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Voyager 2 took this picture of Ganymede as the spacecraft was nearing its encounter with the ice giant. It was taken from a range of 312,000 kilometers (195,000 miles), and it shows features down to about 5 to 6 kilometers across.
Clear examples of several of the different types of terrains common on Ganymede's surface are visible (right). The boundary of the largest region of dark ancient terrain on Ganymede can be seen to the east (right), revealing some of the light linear features which may be all that remains of a large ancient impact structure similar to the large ring structure on Callisto. The broad light regions running through the image are the typical grooved structures seen within most of the light regions on Ganymede.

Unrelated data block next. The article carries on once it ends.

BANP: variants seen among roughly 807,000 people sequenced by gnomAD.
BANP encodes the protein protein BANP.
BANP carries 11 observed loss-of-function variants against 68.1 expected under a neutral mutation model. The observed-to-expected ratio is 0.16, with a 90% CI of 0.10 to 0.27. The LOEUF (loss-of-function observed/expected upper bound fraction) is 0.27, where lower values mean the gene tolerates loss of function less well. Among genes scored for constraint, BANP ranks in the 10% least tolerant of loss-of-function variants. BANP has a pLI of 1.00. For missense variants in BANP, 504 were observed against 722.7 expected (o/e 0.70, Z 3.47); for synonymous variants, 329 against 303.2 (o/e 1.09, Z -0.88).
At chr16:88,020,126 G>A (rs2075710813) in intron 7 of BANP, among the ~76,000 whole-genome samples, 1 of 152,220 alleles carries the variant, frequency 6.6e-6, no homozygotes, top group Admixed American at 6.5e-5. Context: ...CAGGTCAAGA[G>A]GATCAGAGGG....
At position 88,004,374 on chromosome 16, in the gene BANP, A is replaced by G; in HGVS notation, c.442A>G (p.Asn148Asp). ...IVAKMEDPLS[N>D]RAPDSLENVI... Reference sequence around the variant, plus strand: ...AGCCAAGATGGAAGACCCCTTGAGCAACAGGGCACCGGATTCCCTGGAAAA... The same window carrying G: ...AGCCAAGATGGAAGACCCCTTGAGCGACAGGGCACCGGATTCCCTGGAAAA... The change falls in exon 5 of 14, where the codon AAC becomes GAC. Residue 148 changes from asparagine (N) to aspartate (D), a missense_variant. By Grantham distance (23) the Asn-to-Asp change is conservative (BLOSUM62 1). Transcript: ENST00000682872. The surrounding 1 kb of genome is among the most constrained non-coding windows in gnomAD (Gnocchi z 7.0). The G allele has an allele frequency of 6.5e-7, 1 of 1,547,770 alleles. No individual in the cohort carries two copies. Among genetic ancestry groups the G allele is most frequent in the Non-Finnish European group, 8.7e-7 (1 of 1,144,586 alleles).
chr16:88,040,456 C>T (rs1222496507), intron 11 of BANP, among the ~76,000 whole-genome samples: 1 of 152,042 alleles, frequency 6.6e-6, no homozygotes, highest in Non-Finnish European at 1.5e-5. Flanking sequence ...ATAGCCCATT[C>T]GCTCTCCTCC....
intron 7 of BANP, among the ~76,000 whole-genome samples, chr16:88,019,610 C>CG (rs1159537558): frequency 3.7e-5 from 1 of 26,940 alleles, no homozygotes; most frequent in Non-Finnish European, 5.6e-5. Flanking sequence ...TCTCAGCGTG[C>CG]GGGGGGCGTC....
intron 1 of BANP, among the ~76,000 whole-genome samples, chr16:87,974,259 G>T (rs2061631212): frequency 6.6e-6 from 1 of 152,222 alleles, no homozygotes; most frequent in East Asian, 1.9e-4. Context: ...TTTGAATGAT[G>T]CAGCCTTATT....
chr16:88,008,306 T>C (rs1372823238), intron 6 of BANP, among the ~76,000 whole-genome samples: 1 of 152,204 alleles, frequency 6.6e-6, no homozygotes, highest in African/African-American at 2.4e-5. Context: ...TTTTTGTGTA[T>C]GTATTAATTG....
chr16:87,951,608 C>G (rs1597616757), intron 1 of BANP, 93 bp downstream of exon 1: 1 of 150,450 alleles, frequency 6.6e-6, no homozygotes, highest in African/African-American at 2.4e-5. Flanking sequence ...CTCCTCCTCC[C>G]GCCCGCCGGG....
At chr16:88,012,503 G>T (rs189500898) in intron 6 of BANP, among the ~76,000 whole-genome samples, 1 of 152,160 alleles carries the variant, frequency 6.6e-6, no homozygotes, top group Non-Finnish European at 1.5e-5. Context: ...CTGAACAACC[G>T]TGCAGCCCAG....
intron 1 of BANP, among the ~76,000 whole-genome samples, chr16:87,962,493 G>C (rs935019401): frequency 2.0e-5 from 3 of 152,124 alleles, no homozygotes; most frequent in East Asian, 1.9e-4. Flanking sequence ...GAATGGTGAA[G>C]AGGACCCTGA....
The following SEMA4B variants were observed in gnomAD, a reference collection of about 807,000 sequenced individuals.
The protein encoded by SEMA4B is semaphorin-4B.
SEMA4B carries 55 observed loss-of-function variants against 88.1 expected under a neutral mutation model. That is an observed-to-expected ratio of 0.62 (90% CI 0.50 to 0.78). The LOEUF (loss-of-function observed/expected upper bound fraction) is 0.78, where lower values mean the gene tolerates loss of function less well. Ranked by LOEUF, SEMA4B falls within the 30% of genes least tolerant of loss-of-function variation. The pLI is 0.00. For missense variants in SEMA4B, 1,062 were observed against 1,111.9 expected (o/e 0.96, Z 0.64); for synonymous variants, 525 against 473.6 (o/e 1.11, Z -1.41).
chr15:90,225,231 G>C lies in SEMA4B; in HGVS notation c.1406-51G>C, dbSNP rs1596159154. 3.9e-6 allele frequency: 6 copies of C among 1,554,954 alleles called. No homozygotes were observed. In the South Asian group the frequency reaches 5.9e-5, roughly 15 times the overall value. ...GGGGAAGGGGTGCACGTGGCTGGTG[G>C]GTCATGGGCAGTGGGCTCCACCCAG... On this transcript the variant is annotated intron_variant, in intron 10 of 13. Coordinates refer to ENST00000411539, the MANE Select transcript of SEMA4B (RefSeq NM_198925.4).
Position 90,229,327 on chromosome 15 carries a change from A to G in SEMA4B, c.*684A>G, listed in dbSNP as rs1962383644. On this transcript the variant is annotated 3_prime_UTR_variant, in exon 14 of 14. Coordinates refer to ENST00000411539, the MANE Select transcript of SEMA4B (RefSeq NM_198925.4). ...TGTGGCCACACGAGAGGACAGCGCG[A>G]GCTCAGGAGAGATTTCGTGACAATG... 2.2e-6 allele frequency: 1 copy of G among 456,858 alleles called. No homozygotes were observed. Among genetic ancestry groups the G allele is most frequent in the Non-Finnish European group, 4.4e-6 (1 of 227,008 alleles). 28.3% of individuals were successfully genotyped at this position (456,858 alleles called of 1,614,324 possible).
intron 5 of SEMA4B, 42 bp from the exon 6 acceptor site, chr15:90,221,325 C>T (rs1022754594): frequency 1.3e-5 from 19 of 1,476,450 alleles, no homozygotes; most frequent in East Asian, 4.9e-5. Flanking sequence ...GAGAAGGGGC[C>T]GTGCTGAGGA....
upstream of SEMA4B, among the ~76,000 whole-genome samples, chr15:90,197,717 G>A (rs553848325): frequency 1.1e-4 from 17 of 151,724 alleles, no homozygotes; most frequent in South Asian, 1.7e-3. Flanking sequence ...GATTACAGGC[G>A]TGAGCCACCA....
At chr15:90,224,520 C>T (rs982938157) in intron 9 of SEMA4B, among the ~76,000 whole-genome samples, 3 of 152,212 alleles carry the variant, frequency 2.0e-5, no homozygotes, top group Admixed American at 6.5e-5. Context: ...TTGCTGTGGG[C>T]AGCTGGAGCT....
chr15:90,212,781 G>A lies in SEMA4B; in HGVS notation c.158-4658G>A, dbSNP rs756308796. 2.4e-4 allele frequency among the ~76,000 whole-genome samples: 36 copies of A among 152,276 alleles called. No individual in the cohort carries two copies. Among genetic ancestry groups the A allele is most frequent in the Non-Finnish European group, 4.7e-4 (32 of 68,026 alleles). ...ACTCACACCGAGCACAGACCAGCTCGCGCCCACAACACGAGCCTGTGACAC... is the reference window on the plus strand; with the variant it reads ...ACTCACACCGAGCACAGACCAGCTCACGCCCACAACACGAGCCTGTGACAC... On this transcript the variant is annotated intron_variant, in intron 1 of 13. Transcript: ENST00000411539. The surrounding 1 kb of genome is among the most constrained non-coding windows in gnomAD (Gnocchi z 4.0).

To the lower left is another example of what might be evidence of large scale lateral motion in Ganymede's crust. The band of grooved terrain (about 100 kilometers wide) in this region appears to be offset by 50 kilometers or more on the left hand edge by a linear feature perpendicular to it. A feature similar to this one was previously discovered by Voyager 1. These are the first clear examples of strike-slip style faulting on any planet other than Earth.
Many examples of craters of all ages can be seen in this image, ranging from fresh, bright ray craters to large, subdued circular markings thought to be the "scars" of large ancient impacts that have been flattened by glacier-like flows.
The Voyager Project is managed for NASA by the Jet Propulsion Laboratory, Pasadena, Calif.